Practicing Repetition

My core movement training centers on repetition and a daily dose of fundamental movement patterns. I draw inspiration from the “grease the groove” philosophy that considers strength a skill to be practiced, not a headlong quest to exhaustion. My template below adapts this philosophy to my personal postural and work capacity goals.

 

Movement Circuit to Start Every Day

 

Daily Starter Circuit - 3 rounds (I usually play with different variations from round to round)

  • Crawl variations (bear walk, bear crawl, leopard crawl, dragon walk, extension press-up alk)
  • Hip mobility drill
  • Pull variation (inverted rows, kettlebell rows, pull ups, front lever)
  • PRI squat drill

 

Daily Main Event

Monday, Wednesday, and Saturday - 4 rounds:

  • 1-arm push-ups - 2/side
  • 1-arm kettlebell swings - 10 reps (alternate side each round)
  • Airborne lunges or a carry ariation (farmer’s walk; suitcase carry, bottoms up carry, waiters walk, seesaw walk, rack walk, etc.)

 

Tuesday:

  • Heavy kettlebell swings (2-arm) - 10 minutes of 30 sec on/30 sec off

 

Thursday - 4 rounds:

  • 1-arm push-ups - 2/side
  • 1-arm kettlebell clean - 10 reps (alternate side each round)
  • 1-arm kettlebell front squat - 5 reps (alternate side each round)

 

Friday:

  • 5-minute 1-arm kettlebell swings test (as many reps as possible in 5 minutes)

 

Sunday:

  • Get outside to hike, jog, or play

 

Daily Repetition for Mental Strength

Your physical work should be complemented by daily mental work. Fulfillment and achievement depend on your ability to delay gratification and persist through discomfort. I use a “daily adversity schedule” to repeatedly practice discomfort to build discipline and willpower.

 

The benefits of cold showers and intermittent fasting transcend physical health. Until recently, moments of cold and hunger have always permeated the human experience. These practices tap into our biology by forcing us out of our manufactured comfort and serve to highlight the amazing daily luxury that we enjoy. My adversity schedule looks like this:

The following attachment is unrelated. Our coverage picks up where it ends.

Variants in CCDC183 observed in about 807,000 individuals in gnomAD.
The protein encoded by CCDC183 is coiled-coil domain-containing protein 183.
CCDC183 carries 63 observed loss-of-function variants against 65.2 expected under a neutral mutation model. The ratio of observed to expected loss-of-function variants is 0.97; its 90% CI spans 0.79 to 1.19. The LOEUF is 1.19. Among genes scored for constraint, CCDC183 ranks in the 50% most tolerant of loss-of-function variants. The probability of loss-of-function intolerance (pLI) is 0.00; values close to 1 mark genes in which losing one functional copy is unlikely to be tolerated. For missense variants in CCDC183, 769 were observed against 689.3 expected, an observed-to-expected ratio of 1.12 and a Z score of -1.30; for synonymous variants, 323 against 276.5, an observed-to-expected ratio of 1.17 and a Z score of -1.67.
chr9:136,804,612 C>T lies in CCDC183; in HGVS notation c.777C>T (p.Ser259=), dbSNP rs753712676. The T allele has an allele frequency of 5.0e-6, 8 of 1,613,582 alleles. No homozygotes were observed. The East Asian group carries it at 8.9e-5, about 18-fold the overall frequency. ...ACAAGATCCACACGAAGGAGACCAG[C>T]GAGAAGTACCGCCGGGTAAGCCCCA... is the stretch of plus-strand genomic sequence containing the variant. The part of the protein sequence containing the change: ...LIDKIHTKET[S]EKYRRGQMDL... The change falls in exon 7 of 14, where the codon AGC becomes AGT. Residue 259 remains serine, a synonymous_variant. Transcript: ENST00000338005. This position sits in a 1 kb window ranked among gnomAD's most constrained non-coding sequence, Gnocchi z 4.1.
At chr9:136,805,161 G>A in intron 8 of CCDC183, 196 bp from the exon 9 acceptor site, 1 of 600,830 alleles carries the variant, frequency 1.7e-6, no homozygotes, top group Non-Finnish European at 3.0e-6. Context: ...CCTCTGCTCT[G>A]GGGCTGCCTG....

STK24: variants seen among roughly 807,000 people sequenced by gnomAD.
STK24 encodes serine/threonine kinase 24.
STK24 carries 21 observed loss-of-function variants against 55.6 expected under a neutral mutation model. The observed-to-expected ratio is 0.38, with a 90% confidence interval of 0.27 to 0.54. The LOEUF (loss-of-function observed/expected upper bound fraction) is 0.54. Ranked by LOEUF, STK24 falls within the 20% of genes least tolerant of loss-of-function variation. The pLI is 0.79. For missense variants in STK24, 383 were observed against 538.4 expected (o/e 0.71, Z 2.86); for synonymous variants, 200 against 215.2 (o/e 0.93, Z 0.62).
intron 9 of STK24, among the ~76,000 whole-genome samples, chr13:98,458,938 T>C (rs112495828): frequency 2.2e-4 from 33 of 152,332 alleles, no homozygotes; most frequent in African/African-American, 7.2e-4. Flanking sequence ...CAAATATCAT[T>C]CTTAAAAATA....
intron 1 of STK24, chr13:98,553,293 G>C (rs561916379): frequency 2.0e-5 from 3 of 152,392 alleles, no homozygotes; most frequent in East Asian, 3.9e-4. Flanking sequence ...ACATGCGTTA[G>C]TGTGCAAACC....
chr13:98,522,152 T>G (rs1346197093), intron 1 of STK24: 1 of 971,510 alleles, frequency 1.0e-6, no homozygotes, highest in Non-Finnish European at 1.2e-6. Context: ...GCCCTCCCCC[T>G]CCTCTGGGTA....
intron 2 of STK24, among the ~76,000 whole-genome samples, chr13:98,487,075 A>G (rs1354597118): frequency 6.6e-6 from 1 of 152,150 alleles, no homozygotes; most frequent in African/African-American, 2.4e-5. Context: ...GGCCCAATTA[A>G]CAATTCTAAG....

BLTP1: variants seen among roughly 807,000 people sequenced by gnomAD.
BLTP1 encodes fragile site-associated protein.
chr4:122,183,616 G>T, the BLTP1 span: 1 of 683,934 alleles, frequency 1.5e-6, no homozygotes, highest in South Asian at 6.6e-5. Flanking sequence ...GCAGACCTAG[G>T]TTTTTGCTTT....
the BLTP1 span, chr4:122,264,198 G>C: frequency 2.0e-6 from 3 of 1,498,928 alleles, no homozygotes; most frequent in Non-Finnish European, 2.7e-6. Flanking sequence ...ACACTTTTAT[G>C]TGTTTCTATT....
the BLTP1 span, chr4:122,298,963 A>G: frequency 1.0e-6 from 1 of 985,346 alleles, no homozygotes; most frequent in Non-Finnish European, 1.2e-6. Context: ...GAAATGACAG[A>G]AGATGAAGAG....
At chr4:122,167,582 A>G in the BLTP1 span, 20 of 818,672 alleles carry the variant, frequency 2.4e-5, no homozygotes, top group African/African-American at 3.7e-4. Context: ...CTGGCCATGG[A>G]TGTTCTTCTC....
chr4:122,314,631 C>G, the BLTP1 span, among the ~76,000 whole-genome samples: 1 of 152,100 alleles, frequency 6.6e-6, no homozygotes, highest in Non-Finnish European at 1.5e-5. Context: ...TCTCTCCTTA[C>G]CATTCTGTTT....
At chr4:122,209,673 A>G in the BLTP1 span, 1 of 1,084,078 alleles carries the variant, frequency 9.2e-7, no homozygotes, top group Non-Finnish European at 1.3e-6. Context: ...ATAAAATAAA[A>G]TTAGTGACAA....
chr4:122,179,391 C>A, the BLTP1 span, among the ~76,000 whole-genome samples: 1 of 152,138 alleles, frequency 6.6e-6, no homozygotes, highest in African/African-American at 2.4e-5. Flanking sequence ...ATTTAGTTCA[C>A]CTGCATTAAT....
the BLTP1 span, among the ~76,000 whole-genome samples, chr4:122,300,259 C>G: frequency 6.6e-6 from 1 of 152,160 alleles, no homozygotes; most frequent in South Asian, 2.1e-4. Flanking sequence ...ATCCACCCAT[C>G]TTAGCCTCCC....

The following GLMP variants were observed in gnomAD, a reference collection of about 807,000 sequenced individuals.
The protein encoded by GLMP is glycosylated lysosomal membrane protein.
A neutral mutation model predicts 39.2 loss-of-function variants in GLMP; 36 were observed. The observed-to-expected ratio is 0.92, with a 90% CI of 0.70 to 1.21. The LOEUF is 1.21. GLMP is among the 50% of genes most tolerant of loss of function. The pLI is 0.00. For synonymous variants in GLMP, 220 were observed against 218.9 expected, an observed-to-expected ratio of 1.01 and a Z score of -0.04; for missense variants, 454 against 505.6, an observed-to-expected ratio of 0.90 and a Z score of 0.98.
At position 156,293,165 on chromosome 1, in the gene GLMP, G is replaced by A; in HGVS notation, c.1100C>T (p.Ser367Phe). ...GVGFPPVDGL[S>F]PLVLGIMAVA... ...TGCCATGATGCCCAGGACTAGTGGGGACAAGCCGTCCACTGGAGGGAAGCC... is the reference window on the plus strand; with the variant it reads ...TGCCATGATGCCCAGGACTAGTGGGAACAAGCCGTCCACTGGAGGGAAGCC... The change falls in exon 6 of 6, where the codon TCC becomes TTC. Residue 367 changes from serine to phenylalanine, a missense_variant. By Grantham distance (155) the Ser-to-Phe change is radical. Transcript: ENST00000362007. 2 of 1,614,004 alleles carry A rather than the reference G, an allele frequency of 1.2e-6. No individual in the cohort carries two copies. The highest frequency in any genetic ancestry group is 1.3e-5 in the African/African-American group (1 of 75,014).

Monday, Tuesday, and Thursday:

  • 3-minute cold shower

 

Wednesday, Saturday, and Sunday:

  • Intermittent fasting (no food from 6:00 PM until 12:30 PM the following day)

 

Friday:

  • 5-minute kettlebell swing test

 

The essential part of my daily practice is a 20-minute meditation followed by three to four minutes of gratitude practice. Meditation is an essential antidote for 21st-century mindless consumption and constant partial attention.

 

Focus Your Reps

Meditation, gratitude, and exercise provide phenomenal context to observe the contrast between focused repetition and mindless routine. Do not simply go through the motions. Focused repetition scours positive experiences to pull out uncommonly clear details that bring richness to your life. I am not just grateful for my father’s love. I am grateful for how he instilled in me a love of learning, for his history quizzes around the dinner table, and for our family vacations that made me curious about the world. I am grateful for our discussions of different political and economic theories that taught me to analyze, argue, and appreciate nuance. I could go on, but the lesson remains: focus the repetition in your physical, mental, and gratitude practice.

 

Make Your Reps Your Own

Ask yourself: What is so essential that it bears repeating daily?

 

I am certain that many of you find increased fitness success because of your daily Breaking Muscle reading habit. Reading can be a transformative habit. For a book’s full impact though, we cannot just read and moved on. We must repeatedly interact with the concepts. I have found a method to balance my desire for new information with repeated exposure to past essentials. The first week of each month, I commit to listening to one of my personal essential books. This repeatedly exposes me to these important lessons, while allowing opportunity to read and absorb new information.

 

My broad plan aims to address my desire for greater impact and fulfillment. It is imperfect and likely not the best fit for your individual life. Use it as a guide and starting point to identify what is most essential in your life. Practice the essentials repeatedly, rather than constantly consuming more and hoping it all sticks.